2009 MWA Grand Masters Award

2009 MWA Grand Masters Award
The Mystery Writers of America (MWA) Grand Masters Award for 2009 goes to authors James Lee Burke and Sue Grafton. The MWA award represents the organizations highest achievement a writer can reach in the mystery genre, and the duo will receive their awards at the 63rd Annual Edgar Awards banquet on Thursday April 30, 2009 in New York City.

James Lee Burke was born in Houston and raised along the Texas-Louisiana Gulf Coast. He divides his time between homes in Montana and Louisiana. Burke’s daughter, Alafair Burke, is also a crime writer. Author of twenty-five novels he is best known for his seventeen Dave Robicheaux stories.

He also wrote four Texas Attorney Billy Bob Holland novels, as well as other books and countless short stories. Upon publication, The Lost Get-Back Boogie was nominated for a Pulitzer Prize after the book proposal was rejected 111 times according to reports.

Burke has received numerous honors including twice receiving the Edgar Award for best novel for Black Cherry Blues (1990) and Cimarron Rose (1998). Two of his novels were made into movies: Heaven’s Prisoners starring Alec Baldwin (1996) and In the Electric Mist starring Tommy Lee Jones (1997).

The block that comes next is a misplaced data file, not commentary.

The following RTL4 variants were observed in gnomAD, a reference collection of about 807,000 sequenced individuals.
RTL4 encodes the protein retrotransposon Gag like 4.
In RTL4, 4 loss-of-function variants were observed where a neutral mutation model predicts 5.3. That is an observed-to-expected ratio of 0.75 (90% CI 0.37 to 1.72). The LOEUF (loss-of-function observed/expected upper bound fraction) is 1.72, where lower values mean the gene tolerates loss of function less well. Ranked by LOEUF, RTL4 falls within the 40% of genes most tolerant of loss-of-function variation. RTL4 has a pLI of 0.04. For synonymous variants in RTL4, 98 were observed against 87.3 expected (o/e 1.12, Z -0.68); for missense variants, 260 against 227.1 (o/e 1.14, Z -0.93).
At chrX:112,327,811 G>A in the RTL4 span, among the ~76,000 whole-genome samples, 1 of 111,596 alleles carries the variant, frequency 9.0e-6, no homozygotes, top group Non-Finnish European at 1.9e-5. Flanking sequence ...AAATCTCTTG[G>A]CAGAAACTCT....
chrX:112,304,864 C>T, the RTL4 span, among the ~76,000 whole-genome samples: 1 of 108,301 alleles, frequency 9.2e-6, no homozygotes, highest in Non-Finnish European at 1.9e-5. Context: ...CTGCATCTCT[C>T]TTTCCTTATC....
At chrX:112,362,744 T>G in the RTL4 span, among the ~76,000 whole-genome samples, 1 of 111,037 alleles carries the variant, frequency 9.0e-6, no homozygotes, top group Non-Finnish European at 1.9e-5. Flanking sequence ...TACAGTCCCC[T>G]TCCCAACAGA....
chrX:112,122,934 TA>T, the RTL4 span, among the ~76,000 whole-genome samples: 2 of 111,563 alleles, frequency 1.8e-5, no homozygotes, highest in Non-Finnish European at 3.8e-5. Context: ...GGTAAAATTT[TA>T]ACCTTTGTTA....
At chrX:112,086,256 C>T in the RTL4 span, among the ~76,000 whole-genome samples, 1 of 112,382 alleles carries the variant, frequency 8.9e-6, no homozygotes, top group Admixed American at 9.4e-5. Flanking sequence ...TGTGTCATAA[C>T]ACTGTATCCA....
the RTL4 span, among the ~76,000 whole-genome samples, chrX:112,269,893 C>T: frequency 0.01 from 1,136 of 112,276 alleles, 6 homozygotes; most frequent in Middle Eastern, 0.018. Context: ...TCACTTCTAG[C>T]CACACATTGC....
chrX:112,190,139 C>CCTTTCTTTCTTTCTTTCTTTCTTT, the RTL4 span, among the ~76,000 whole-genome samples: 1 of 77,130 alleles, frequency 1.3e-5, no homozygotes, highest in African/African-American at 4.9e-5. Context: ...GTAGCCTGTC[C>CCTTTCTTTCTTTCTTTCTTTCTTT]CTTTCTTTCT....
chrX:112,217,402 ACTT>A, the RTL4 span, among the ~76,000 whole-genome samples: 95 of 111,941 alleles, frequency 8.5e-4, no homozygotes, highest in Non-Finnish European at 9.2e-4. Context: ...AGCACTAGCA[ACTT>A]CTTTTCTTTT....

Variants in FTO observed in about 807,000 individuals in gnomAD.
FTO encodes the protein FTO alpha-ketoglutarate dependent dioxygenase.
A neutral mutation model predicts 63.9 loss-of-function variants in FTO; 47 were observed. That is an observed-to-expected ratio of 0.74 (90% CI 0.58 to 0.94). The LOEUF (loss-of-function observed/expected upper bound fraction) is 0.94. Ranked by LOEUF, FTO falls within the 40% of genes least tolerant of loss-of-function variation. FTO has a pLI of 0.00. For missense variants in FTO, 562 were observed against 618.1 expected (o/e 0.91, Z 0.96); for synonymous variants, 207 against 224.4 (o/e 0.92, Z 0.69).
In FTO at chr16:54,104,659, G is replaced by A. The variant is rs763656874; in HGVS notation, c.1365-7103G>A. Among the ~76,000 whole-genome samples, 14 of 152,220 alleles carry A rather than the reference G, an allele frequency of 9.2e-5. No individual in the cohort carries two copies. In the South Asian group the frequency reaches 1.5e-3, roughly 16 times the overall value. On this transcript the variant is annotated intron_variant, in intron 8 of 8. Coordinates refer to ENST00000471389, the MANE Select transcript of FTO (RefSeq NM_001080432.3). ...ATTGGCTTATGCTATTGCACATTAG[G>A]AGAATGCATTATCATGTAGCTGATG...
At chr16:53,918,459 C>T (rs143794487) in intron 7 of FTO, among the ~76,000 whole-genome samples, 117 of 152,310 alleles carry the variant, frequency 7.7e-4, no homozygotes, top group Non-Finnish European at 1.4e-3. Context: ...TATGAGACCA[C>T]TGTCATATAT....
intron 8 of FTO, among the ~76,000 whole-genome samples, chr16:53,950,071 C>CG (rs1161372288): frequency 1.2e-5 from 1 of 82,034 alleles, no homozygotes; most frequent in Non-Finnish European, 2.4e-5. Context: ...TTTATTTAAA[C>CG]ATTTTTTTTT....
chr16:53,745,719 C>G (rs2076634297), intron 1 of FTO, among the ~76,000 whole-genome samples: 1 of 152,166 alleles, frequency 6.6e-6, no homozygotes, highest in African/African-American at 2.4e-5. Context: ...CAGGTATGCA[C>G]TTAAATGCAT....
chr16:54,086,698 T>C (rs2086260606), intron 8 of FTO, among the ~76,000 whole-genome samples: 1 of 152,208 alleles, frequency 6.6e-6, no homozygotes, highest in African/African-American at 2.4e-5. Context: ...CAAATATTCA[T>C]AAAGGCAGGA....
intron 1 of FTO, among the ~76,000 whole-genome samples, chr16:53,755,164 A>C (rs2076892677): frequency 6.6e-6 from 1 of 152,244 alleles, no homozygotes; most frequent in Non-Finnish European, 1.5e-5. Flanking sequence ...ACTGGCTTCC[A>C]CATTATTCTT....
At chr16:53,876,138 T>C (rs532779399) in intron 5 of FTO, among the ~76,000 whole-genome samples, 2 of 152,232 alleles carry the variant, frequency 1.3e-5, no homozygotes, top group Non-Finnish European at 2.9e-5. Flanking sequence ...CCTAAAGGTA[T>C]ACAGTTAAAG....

Sue Grafton was born in Louisville, Kentucky. She is the daughter of C. W. Grafton. Grafton and her husband currently divide their time between Louisville and Santa Barbara, California. Best known for the Kinsey Millhone alphabet murder series, she said the last novel of the series will be called Z is for Zero. Published in twenty-six languages, her novels are popular throughout the world.

Grafton has received numerous awards including the first two Anthony Awards for B is for Burglar and C is for Corpse. She later won a third Anthony Award, three Shamus Awards, the Ross MacDonald Literary Award (2004), and a Cartier Dagger given by the British Crime Writer’s Association for her lifetime achievement as a crime writer.

Based in New York, the Mystery Writers of America was founded in 1945. The Edgar Awards were named after Edgar Allan Poe. His 200th birthday was celebrated during 2009. All Edgar Award winners receive a small bust of Poe.

You Should Also Read:
T is for Trespass
In the Moon of Red Ponies
Starvation Lake

Related Articles
Editor's Picks Articles
Top Ten Articles
Previous Features
Site Map

Content copyright © 2023 by Edie Dykeman. All rights reserved.
This content was written by Edie Dykeman. If you wish to use this content in any manner, you need written permission. Contact Edie Dykeman for details.